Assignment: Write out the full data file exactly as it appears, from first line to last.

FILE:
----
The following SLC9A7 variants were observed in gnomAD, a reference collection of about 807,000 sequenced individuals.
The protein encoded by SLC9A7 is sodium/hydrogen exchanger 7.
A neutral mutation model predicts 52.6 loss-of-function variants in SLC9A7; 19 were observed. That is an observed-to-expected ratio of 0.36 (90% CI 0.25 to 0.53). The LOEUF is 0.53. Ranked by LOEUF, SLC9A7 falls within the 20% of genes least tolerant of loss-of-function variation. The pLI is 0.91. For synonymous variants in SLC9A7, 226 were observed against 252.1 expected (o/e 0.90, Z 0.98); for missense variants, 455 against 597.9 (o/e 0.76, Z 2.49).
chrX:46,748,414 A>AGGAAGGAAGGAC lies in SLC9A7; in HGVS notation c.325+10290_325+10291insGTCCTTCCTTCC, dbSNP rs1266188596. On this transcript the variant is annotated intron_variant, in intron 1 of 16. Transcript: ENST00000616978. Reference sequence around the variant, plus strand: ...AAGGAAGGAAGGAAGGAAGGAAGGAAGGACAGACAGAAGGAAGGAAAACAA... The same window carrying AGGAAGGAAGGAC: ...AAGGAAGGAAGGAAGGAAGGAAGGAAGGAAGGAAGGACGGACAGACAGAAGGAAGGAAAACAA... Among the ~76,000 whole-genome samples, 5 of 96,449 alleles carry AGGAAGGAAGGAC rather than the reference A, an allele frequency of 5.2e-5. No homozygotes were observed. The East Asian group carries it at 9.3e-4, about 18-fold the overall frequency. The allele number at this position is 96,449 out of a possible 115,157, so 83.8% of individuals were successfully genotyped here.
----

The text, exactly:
The following SLC9A7 variants were observed in gnomAD, a reference collection of about 807,000 sequenced individuals.
The protein encoded by SLC9A7 is sodium/hydrogen exchanger 7.
A neutral mutation model predicts 52.6 loss-of-function variants in SLC9A7; 19 were observed. That is an observed-to-expected ratio of 0.36 (90% CI 0.25 to 0.53). The LOEUF is 0.53. Ranked by LOEUF, SLC9A7 falls within the 20% of genes least tolerant of loss-of-function variation. The pLI is 0.91. For synonymous variants in SLC9A7, 226 were observed against 252.1 expected (o/e 0.90, Z 0.98); for missense variants, 455 against 597.9 (o/e 0.76, Z 2.49).
chrX:46,748,414 A>AGGAAGGAAGGAC lies in SLC9A7; in HGVS notation c.325+10290_325+10291insGTCCTTCCTTCC, dbSNP rs1266188596. On this transcript the variant is annotated intron_variant, in intron 1 of 16. Transcript: ENST00000616978. Reference sequence around the variant, plus strand: ...AAGGAAGGAAGGAAGGAAGGAAGGAAGGACAGACAGAAGGAAGGAAAACAA... The same window carrying AGGAAGGAAGGAC: ...AAGGAAGGAAGGAAGGAAGGAAGGAAGGAAGGAAGGACGGACAGACAGAAGGAAGGAAAACAA... Among the ~76,000 whole-genome samples, 5 of 96,449 alleles carry AGGAAGGAAGGAC rather than the reference A, an allele frequency of 5.2e-5. No homozygotes were observed. The East Asian group carries it at 9.3e-4, about 18-fold the overall frequency. The allele number at this position is 96,449 out of a possible 115,157, so 83.8% of individuals were successfully genotyped here.